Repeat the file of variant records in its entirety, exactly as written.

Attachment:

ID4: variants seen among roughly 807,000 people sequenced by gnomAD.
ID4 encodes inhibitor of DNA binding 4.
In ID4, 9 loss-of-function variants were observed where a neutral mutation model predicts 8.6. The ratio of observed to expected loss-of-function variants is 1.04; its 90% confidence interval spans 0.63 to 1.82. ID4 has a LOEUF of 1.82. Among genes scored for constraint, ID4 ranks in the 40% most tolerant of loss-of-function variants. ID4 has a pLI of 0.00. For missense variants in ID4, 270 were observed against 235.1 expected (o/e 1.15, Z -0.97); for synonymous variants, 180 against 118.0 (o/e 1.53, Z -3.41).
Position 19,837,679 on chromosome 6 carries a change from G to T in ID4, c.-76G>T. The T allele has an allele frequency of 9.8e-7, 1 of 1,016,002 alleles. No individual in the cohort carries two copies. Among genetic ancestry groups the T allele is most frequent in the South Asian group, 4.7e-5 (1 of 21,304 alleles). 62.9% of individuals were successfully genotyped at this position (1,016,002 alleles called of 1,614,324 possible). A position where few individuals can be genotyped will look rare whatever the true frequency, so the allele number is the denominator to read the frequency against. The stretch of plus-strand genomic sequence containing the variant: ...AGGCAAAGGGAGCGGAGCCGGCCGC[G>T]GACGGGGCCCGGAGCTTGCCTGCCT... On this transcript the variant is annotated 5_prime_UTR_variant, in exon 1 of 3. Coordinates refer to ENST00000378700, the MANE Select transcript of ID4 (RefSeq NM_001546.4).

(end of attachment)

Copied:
ID4: variants seen among roughly 807,000 people sequenced by gnomAD.
ID4 encodes inhibitor of DNA binding 4.
In ID4, 9 loss-of-function variants were observed where a neutral mutation model predicts 8.6. The ratio of observed to expected loss-of-function variants is 1.04; its 90% confidence interval spans 0.63 to 1.82. ID4 has a LOEUF of 1.82. Among genes scored for constraint, ID4 ranks in the 40% most tolerant of loss-of-function variants. ID4 has a pLI of 0.00. For missense variants in ID4, 270 were observed against 235.1 expected (o/e 1.15, Z -0.97); for synonymous variants, 180 against 118.0 (o/e 1.53, Z -3.41).
Position 19,837,679 on chromosome 6 carries a change from G to T in ID4, c.-76G>T. The T allele has an allele frequency of 9.8e-7, 1 of 1,016,002 alleles. No individual in the cohort carries two copies. Among genetic ancestry groups the T allele is most frequent in the South Asian group, 4.7e-5 (1 of 21,304 alleles). 62.9% of individuals were successfully genotyped at this position (1,016,002 alleles called of 1,614,324 possible). A position where few individuals can be genotyped will look rare whatever the true frequency, so the allele number is the denominator to read the frequency against. The stretch of plus-strand genomic sequence containing the variant: ...AGGCAAAGGGAGCGGAGCCGGCCGC[G>T]GACGGGGCCCGGAGCTTGCCTGCCT... On this transcript the variant is annotated 5_prime_UTR_variant, in exon 1 of 3. Coordinates refer to ENST00000378700, the MANE Select transcript of ID4 (RefSeq NM_001546.4).